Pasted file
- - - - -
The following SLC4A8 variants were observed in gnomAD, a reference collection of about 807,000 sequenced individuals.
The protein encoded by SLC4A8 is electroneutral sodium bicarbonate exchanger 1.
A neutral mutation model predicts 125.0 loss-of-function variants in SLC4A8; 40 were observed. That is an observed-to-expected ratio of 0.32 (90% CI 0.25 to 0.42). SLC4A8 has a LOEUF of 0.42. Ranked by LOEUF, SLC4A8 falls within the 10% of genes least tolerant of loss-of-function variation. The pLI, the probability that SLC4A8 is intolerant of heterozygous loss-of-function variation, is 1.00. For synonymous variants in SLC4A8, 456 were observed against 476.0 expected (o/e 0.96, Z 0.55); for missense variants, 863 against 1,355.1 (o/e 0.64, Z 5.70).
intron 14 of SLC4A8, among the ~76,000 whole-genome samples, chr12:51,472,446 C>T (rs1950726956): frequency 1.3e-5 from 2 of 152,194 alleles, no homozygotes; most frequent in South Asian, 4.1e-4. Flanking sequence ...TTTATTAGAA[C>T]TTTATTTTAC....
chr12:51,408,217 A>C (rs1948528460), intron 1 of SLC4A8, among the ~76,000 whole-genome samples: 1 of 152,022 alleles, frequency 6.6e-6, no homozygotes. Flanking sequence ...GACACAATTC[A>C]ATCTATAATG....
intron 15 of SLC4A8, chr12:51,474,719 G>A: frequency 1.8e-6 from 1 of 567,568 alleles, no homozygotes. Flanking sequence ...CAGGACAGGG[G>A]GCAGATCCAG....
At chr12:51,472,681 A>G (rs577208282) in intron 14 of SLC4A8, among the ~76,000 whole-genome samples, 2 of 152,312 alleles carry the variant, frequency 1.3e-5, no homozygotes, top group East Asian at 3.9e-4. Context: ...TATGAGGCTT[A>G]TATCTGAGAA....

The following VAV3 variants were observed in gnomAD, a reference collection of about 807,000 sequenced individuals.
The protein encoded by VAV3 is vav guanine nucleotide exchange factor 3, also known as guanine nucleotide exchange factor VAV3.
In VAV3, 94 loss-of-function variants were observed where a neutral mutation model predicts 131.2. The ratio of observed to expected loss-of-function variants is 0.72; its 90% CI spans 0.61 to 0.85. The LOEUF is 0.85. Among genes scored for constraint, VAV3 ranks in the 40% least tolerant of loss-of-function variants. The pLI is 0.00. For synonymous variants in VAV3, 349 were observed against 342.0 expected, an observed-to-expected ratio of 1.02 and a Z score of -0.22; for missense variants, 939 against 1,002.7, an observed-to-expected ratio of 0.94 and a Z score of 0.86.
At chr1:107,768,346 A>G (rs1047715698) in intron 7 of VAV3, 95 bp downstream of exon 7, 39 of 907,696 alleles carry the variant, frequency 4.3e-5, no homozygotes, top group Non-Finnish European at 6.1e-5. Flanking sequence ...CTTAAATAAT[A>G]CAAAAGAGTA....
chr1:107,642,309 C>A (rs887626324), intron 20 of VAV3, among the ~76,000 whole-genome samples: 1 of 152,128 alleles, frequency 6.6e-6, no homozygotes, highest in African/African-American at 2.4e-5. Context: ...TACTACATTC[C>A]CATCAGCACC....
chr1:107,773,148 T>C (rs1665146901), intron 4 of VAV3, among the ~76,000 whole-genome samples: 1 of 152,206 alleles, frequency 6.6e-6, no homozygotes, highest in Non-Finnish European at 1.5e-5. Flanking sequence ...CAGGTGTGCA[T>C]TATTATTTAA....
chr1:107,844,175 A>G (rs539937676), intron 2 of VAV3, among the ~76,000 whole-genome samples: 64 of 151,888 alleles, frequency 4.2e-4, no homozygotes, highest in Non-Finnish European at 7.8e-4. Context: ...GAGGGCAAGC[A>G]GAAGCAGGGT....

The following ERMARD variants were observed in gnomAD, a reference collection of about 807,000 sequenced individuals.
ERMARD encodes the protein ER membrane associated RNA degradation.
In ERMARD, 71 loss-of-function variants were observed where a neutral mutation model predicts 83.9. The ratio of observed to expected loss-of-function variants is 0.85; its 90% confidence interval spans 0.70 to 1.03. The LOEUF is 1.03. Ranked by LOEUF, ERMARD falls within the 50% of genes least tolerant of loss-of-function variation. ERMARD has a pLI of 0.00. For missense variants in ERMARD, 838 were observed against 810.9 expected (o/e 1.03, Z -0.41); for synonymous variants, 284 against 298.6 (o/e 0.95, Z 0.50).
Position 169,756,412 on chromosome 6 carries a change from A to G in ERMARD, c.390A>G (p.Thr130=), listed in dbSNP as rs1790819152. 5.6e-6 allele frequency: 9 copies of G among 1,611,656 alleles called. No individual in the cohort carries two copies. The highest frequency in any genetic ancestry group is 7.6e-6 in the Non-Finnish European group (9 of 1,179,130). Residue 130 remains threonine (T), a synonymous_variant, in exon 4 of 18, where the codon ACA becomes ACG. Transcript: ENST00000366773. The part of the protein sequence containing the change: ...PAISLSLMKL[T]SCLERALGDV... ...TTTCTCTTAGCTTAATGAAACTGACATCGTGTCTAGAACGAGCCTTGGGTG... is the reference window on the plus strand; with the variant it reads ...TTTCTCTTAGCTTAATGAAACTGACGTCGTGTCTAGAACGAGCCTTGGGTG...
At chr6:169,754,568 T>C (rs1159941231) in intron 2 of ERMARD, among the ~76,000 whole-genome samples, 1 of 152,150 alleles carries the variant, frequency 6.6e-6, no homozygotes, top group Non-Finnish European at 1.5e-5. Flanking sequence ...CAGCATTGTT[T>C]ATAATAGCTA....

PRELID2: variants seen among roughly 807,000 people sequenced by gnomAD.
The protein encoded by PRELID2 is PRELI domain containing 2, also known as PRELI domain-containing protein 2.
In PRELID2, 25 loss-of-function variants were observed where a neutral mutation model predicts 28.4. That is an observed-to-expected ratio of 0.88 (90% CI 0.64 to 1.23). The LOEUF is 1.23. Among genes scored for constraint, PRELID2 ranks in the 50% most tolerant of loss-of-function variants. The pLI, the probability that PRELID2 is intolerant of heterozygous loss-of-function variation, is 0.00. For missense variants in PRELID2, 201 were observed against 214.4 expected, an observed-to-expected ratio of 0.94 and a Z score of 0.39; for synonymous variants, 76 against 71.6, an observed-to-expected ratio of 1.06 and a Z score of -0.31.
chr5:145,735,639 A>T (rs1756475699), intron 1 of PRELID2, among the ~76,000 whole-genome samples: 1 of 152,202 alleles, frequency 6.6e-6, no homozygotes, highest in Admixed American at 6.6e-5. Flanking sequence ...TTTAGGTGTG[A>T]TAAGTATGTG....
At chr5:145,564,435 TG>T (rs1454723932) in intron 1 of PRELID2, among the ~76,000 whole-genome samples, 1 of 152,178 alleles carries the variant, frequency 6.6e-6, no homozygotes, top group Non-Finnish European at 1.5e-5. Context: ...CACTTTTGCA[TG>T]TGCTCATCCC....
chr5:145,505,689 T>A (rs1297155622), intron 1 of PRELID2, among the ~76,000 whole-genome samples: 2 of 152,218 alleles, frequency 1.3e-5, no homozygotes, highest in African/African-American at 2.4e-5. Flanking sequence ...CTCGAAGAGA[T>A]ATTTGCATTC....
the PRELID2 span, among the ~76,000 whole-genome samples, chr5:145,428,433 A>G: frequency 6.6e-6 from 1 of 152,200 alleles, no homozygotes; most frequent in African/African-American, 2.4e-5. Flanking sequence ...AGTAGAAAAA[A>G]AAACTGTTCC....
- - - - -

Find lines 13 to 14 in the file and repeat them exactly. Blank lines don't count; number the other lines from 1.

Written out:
chr1:107,773,148 T>C (rs1665146901), intron 4 of VAV3, among the ~76,000 whole-genome samples: 1 of 152,206 alleles, frequency 6.6e-6, no homozygotes, highest in Non-Finnish European at 1.5e-5. Flanking sequence ...CAGGTGTGCA[T>C]TATTATTTAA....
chr1:107,844,175 A>G (rs539937676), intron 2 of VAV3, among the ~76,000 whole-genome samples: 64 of 151,888 alleles, frequency 4.2e-4, no homozygotes, highest in Non-Finnish European at 7.8e-4. Context: ...GAGGGCAAGC[A>G]GAAGCAGGGT....